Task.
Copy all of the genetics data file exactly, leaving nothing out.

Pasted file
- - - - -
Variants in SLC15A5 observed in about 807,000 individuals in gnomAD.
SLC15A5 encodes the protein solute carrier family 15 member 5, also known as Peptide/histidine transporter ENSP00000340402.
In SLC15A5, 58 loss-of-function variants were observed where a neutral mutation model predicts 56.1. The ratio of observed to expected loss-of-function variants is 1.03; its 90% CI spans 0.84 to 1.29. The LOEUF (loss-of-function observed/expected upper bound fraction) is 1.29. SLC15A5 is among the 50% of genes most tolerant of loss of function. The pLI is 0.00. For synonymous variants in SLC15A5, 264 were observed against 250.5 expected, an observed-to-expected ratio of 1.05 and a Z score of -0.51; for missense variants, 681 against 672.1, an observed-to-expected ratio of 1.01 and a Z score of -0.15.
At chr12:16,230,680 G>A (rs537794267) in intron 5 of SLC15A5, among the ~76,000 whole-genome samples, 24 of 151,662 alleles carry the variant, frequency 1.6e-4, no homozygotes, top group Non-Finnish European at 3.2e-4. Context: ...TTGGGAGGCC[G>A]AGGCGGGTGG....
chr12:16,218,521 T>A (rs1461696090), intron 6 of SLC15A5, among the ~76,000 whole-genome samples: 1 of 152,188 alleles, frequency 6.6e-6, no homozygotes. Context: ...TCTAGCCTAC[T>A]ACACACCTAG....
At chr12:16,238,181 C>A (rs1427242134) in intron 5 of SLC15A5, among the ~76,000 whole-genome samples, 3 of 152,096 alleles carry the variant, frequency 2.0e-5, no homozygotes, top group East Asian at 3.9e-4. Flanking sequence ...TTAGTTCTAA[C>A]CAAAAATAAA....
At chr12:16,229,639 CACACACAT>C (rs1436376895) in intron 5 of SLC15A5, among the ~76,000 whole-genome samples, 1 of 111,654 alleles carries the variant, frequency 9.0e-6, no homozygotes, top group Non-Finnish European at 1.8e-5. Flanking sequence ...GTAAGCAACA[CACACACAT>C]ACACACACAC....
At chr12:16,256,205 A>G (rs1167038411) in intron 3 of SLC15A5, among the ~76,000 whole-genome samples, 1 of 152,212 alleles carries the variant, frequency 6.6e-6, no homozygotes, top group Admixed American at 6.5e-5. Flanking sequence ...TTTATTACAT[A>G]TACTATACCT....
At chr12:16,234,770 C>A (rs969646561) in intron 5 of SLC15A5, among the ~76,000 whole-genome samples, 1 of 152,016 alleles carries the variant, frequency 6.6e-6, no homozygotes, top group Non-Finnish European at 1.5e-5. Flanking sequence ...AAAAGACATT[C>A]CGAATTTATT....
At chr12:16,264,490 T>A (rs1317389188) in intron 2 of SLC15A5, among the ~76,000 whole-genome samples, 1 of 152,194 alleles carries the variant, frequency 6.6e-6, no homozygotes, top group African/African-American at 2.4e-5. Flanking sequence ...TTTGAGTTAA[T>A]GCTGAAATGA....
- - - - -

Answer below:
Variants in SLC15A5 observed in about 807,000 individuals in gnomAD.
SLC15A5 encodes the protein solute carrier family 15 member 5, also known as Peptide/histidine transporter ENSP00000340402.
In SLC15A5, 58 loss-of-function variants were observed where a neutral mutation model predicts 56.1. The ratio of observed to expected loss-of-function variants is 1.03; its 90% CI spans 0.84 to 1.29. The LOEUF (loss-of-function observed/expected upper bound fraction) is 1.29. SLC15A5 is among the 50% of genes most tolerant of loss of function. The pLI is 0.00. For synonymous variants in SLC15A5, 264 were observed against 250.5 expected, an observed-to-expected ratio of 1.05 and a Z score of -0.51; for missense variants, 681 against 672.1, an observed-to-expected ratio of 1.01 and a Z score of -0.15.
At chr12:16,230,680 G>A (rs537794267) in intron 5 of SLC15A5, among the ~76,000 whole-genome samples, 24 of 151,662 alleles carry the variant, frequency 1.6e-4, no homozygotes, top group Non-Finnish European at 3.2e-4. Context: ...TTGGGAGGCC[G>A]AGGCGGGTGG....
chr12:16,218,521 T>A (rs1461696090), intron 6 of SLC15A5, among the ~76,000 whole-genome samples: 1 of 152,188 alleles, frequency 6.6e-6, no homozygotes. Context: ...TCTAGCCTAC[T>A]ACACACCTAG....
At chr12:16,238,181 C>A (rs1427242134) in intron 5 of SLC15A5, among the ~76,000 whole-genome samples, 3 of 152,096 alleles carry the variant, frequency 2.0e-5, no homozygotes, top group East Asian at 3.9e-4. Flanking sequence ...TTAGTTCTAA[C>A]CAAAAATAAA....
At chr12:16,229,639 CACACACAT>C (rs1436376895) in intron 5 of SLC15A5, among the ~76,000 whole-genome samples, 1 of 111,654 alleles carries the variant, frequency 9.0e-6, no homozygotes, top group Non-Finnish European at 1.8e-5. Flanking sequence ...GTAAGCAACA[CACACACAT>C]ACACACACAC....
At chr12:16,256,205 A>G (rs1167038411) in intron 3 of SLC15A5, among the ~76,000 whole-genome samples, 1 of 152,212 alleles carries the variant, frequency 6.6e-6, no homozygotes, top group Admixed American at 6.5e-5. Flanking sequence ...TTTATTACAT[A>G]TACTATACCT....
At chr12:16,234,770 C>A (rs969646561) in intron 5 of SLC15A5, among the ~76,000 whole-genome samples, 1 of 152,016 alleles carries the variant, frequency 6.6e-6, no homozygotes, top group Non-Finnish European at 1.5e-5. Flanking sequence ...AAAAGACATT[C>A]CGAATTTATT....
At chr12:16,264,490 T>A (rs1317389188) in intron 2 of SLC15A5, among the ~76,000 whole-genome samples, 1 of 152,194 alleles carries the variant, frequency 6.6e-6, no homozygotes, top group African/African-American at 2.4e-5. Flanking sequence ...TTTGAGTTAA[T>A]GCTGAAATGA....